Can You Design Employee Engagement into Your Intranet?

Design Employee Engagement Intranet

In the last post, we talked about Steve Job’s “other company,” Pixar, and how it uses office space to bring employees together. It was Job’s desire to create a building that stood the test of time:

“Tom Carlisle, Pixar’s facilities director adds that, “He didn’t want a standard office-park building—one with corrugated-metal siding or ribbon windows. The building had to look good 100 years from now. That was his main criterion.” 1

Pixar’s world-famous Emeryville headquarters were designed in the 90s. It continues to be a very attractive place to work, and its design principles still hold today. But if your company can’t afford custom-built office space, it’s not as big a deal now as it was twenty years ago.

The world has gone virtual.

We still have physical bodies that we need to feed, clothe, shelter, and sit in front of computer screens. But in many ways, our virtual office space has become more important than our physical one. In part because many of us don’t drive to work every day anymore—but also because it’s easier to adapt our virtual space to our needs and wants.

Below are some of the ideas that influenced Pixar’s building design. You can use the same principles to energize and inspire your people through the intranet. Here’s how:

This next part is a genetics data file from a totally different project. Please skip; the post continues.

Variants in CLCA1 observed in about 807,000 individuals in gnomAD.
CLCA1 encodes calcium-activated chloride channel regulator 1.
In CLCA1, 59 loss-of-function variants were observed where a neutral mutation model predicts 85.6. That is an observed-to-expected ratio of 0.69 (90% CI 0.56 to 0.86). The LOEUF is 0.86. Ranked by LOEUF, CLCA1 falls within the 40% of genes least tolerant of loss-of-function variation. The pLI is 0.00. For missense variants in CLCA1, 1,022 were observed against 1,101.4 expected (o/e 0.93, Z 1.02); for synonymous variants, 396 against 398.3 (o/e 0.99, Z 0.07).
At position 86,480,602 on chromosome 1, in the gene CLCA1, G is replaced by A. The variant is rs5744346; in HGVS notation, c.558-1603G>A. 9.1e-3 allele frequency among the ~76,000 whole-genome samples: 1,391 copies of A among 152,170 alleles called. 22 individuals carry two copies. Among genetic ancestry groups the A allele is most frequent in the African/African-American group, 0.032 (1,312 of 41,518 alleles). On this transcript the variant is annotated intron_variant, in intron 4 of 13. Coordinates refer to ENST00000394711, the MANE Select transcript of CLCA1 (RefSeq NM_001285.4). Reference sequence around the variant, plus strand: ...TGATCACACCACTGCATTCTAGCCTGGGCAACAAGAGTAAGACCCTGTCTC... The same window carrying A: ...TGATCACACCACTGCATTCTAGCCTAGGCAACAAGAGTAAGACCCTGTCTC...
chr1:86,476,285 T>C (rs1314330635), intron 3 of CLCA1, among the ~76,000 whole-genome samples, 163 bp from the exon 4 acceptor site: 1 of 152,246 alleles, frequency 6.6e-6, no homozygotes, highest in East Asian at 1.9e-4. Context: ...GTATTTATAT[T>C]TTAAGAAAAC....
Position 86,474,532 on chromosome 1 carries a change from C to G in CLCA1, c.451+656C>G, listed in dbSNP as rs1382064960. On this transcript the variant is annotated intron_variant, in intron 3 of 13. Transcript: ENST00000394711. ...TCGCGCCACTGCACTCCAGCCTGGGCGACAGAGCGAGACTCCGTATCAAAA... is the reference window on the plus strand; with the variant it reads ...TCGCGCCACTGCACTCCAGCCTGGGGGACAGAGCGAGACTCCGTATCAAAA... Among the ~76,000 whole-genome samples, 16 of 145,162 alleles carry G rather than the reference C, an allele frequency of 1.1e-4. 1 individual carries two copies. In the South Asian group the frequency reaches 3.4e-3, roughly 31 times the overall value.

Stimulate interactions

Ed Catmull, the President of Pixar, said that Pixar’s most important function is the interaction of its employees. The building’s many common areas were designed for groups of employees to come together spontaneously. Can you do this on the intranet? Glad you asked!

In fact, I’ve been asked this question before, and I’ve put some thoughts together in this post: “How to Get Employees to Start Online Discussions

“Arbitrary collisions of people”

Not only did Steve Jobs want to give the existing groups space to be creative, but he also planned for unexpected encounters to occur. He wanted all kinds of people to bump into each other all the time. So, he moved everyone’s mailboxes and the bathrooms to the center of the building. Can you likewise channel all kinds of traffic to your intranet? You can and you should.

First, put vital information into the public areas of the intranet and tell HR to direct everyone there. Want to check your vacation time? Here’s a link. Need to look up a colleague? Make sure everyone’s profile is live and up to date. This way you’ll know your people are always logging in. Next, enable chat, public forums, and other social features. Seeing people’s names in the comments is just like running into them in the bathroom, only better. You’ll strike up a conversation, you’ll come up with an idea, and many other people can chime in and make it work.

Telling stories

Pixar is an animated-film studio; its creative edge is telling stories. But, in some sense, it’s true about all of us. Telling and hearing “stories” gets our wheels spinning. How do you get employees to tell stories on the intranet? Well, you ask questions. If your employees are slow to start, you could seed the forums with some interesting questions and ask management to set the pace.

Candid “notes”